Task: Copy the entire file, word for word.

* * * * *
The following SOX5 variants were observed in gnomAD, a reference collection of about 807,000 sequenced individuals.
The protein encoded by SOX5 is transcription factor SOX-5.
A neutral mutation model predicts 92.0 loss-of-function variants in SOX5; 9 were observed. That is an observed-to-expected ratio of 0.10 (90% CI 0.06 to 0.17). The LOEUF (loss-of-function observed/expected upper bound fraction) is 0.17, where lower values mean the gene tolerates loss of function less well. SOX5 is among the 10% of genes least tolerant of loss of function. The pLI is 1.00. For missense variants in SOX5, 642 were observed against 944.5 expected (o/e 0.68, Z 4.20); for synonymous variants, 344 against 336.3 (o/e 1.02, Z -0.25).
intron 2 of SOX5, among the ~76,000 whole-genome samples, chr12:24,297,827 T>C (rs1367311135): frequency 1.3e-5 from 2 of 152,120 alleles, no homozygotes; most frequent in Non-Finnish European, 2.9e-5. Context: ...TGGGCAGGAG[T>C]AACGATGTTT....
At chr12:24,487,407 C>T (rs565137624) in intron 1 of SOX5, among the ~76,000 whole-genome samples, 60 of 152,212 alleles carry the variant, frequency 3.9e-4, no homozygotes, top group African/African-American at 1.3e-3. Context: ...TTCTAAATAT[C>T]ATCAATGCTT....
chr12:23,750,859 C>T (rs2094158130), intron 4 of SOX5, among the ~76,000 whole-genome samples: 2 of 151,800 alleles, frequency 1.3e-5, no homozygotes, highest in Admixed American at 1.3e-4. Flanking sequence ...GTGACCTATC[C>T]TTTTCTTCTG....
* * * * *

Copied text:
The following SOX5 variants were observed in gnomAD, a reference collection of about 807,000 sequenced individuals.
The protein encoded by SOX5 is transcription factor SOX-5.
A neutral mutation model predicts 92.0 loss-of-function variants in SOX5; 9 were observed. That is an observed-to-expected ratio of 0.10 (90% CI 0.06 to 0.17). The LOEUF (loss-of-function observed/expected upper bound fraction) is 0.17, where lower values mean the gene tolerates loss of function less well. SOX5 is among the 10% of genes least tolerant of loss of function. The pLI is 1.00. For missense variants in SOX5, 642 were observed against 944.5 expected (o/e 0.68, Z 4.20); for synonymous variants, 344 against 336.3 (o/e 1.02, Z -0.25).
intron 2 of SOX5, among the ~76,000 whole-genome samples, chr12:24,297,827 T>C (rs1367311135): frequency 1.3e-5 from 2 of 152,120 alleles, no homozygotes; most frequent in Non-Finnish European, 2.9e-5. Context: ...TGGGCAGGAG[T>C]AACGATGTTT....
At chr12:24,487,407 C>T (rs565137624) in intron 1 of SOX5, among the ~76,000 whole-genome samples, 60 of 152,212 alleles carry the variant, frequency 3.9e-4, no homozygotes, top group African/African-American at 1.3e-3. Context: ...TTCTAAATAT[C>T]ATCAATGCTT....
chr12:23,750,859 C>T (rs2094158130), intron 4 of SOX5, among the ~76,000 whole-genome samples: 2 of 151,800 alleles, frequency 1.3e-5, no homozygotes, highest in Admixed American at 1.3e-4. Flanking sequence ...GTGACCTATC[C>T]TTTTCTTCTG....